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Discover the legacy of Chauhans of Jalore

Chauhans of Jalore: A Rajput Dynasty of Marwar

Jalore was called Jabalipur because it was the penance place of sage Jabali. Jalore Fort is situated on Songiri hill. That is why it is also called Songadh, Suvarnagiri and Kanchangiri. Due to abundance of Jaal trees it was called Jalore.

The Chauhans of Jalore, also known as the Chauhans of Jalore in vernacular legends, were a Rajput dynasty that ruled the area around Jalore in present-day Rajasthan between 1160 and 1311 CE.

They belonged to the Chahamana (Chauhan) clan of the Rajputs. They branched off from the Chahamanas of Naddula, and then ruled as feudatories of the Chaulukyas of Gujarat.

For a brief period, they became independent, but ultimately succumbed to the Delhi Sultanate at the Siege of Jalore.

Chauhan Kings in Jalore

Keertipal

In 1181 AD, the rule of Songara branch of Chauhan dynasty started/established in Jalore by Keertipal. He captured Jalore by defeating Kuntpal Parmar. This branch of Chauhans was called Songara due to their control over Songiri Fort.

Keertipal defeated Samant Singh of Chittor.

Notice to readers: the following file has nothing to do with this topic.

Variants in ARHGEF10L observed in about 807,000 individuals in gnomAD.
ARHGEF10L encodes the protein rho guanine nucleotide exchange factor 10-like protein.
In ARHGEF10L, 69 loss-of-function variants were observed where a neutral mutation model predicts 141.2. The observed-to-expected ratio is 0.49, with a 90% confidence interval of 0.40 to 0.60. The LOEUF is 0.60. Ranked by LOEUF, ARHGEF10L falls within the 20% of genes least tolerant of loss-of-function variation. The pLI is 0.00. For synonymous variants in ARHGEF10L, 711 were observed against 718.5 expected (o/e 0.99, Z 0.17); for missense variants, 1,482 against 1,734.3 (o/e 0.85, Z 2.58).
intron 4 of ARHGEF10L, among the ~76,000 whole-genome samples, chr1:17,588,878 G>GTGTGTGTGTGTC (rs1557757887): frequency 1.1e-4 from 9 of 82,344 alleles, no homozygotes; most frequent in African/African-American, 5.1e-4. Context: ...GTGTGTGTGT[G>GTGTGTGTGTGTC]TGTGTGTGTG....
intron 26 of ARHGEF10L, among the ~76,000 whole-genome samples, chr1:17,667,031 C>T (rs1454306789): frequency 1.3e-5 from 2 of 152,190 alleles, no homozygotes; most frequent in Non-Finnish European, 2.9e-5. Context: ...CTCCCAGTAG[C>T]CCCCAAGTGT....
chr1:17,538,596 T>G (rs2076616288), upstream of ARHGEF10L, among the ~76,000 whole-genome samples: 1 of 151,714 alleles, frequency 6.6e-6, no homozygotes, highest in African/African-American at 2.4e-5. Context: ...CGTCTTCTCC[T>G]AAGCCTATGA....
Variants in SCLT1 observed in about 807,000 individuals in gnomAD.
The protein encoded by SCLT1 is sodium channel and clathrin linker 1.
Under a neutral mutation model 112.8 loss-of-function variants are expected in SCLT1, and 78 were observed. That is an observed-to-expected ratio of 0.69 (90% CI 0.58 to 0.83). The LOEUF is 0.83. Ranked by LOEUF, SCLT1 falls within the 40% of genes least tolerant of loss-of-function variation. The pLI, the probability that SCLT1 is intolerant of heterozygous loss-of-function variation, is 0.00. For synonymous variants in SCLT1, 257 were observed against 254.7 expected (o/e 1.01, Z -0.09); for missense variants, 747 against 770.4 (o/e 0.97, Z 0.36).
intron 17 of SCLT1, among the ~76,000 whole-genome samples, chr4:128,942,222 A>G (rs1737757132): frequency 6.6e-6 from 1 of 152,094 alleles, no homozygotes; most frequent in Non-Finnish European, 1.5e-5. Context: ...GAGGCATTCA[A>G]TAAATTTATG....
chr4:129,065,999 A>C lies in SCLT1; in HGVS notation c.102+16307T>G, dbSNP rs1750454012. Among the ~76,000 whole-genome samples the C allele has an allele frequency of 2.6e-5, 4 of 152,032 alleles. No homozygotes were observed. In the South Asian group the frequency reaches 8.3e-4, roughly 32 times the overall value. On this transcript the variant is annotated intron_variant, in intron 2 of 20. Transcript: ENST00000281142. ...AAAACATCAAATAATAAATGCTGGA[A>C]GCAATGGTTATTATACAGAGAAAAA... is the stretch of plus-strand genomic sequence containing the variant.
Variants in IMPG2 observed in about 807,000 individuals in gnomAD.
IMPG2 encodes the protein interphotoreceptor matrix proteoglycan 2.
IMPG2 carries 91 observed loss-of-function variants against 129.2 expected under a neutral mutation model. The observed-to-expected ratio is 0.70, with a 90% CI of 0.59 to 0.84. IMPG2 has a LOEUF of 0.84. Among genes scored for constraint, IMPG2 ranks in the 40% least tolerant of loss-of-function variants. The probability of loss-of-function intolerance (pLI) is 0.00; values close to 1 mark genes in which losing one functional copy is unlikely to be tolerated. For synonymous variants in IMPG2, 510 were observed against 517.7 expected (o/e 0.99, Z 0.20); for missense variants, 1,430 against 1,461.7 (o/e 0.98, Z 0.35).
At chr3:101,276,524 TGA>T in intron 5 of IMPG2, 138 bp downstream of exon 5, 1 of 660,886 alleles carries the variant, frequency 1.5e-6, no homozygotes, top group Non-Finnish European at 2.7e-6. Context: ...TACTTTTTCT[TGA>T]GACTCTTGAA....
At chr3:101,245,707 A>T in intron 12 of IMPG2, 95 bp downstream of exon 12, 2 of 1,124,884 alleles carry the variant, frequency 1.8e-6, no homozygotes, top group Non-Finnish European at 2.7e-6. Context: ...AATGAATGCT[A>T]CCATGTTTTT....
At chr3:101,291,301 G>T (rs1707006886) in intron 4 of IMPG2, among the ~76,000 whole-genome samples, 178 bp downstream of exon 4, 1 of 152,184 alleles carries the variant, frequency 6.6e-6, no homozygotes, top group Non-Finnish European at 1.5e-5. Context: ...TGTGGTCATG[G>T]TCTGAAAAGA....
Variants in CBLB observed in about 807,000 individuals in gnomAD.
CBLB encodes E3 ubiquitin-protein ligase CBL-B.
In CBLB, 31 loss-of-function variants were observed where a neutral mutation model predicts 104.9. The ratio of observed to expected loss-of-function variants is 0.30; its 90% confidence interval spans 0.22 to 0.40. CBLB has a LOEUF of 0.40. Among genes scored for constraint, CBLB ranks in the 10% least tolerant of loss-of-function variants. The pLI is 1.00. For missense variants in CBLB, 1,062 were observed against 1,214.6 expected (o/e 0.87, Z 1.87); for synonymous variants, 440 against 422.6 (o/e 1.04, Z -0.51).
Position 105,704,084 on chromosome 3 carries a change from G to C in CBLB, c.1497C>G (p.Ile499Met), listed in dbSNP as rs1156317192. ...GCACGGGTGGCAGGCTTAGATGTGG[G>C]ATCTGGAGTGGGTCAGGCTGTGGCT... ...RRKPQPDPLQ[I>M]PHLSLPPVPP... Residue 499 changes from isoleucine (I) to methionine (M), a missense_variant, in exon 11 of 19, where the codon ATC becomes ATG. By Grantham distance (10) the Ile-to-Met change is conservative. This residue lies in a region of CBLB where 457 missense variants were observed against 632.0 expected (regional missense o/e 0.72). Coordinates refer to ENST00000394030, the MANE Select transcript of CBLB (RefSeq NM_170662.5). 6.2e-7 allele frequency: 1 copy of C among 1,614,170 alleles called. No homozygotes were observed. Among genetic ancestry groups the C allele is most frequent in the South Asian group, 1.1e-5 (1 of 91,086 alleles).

According to Nainasi’s fame, Keetu (Kirtipala) was a great king. In the inscriptions of Sundha Mountain it has been called Rajeshwar.

The following table lists the names and reigns of the Chauhan kings of Jalore, along with their notable achievements and events:

NameReignAchievements and Events
Keertipalc. 1160-1182 CEThe founder of the dynasty, he was a grandson of Rao Deoraj and a scion of the younger branch of the Chauhan rulers of Jalore.

He seized the town of Abu from the Parmars, and thus founded a dynasty that was to rule the surrounding area for over six centuries.

He also built the Achaleshwar Mahadev Temple, dedicated to Lord Shiva.
Samar Singhc. 1182-1204 CEHe was a son of Keertipal, and succeeded him as the ruler of Jalore.

He fought against the Delhi Sultanate, and allied with the Mewar king Lakshman Singh against the Sultan Jalal ud din Firuz Khilji.
Uday Singhc. 1204-1257 CEHe was a son of Samar Singh, and succeeded him as the ruler of Jalore.

He was a patron of art and culture, and invited several poets and scholars to his court.

He also built the Sirohi Fort, and the Sarvadham Temple, dedicated to various Hindu deities.
Chachigdevc. 1257-1273 CEHe was a son of Uday Singh, and succeeded him as the ruler of Jalore. He retained the territories he inherited.
Samant Singhc. 1273-1305 CEHe was a son of Chachigdev, and succeeded him as the ruler of Jalore.

He was a brave and ambitious ruler, who expanded his kingdom by conquering several neighbouring territories. 

He also built the Jagmal Sagar, a large lake near Jalore.
Kanhad devc. 1305-1311 CEHe was a son of Samant Singh, and succeeded him as the ruler of Jalore.

He was a valiant and devout ruler, who defended his kingdom against the attacks of the Gujarat Sultanate and the Delhi Sultanate.

He also performed several yajnas and pilgrimages.
Kanhaddev V/S Alauddin KhiljiThe most famous event of Kanhaddev’s reign was his conflict with the Delhi Sultan Alauddin Khilji, which resulted in the fall of Jalore in 1311 CE.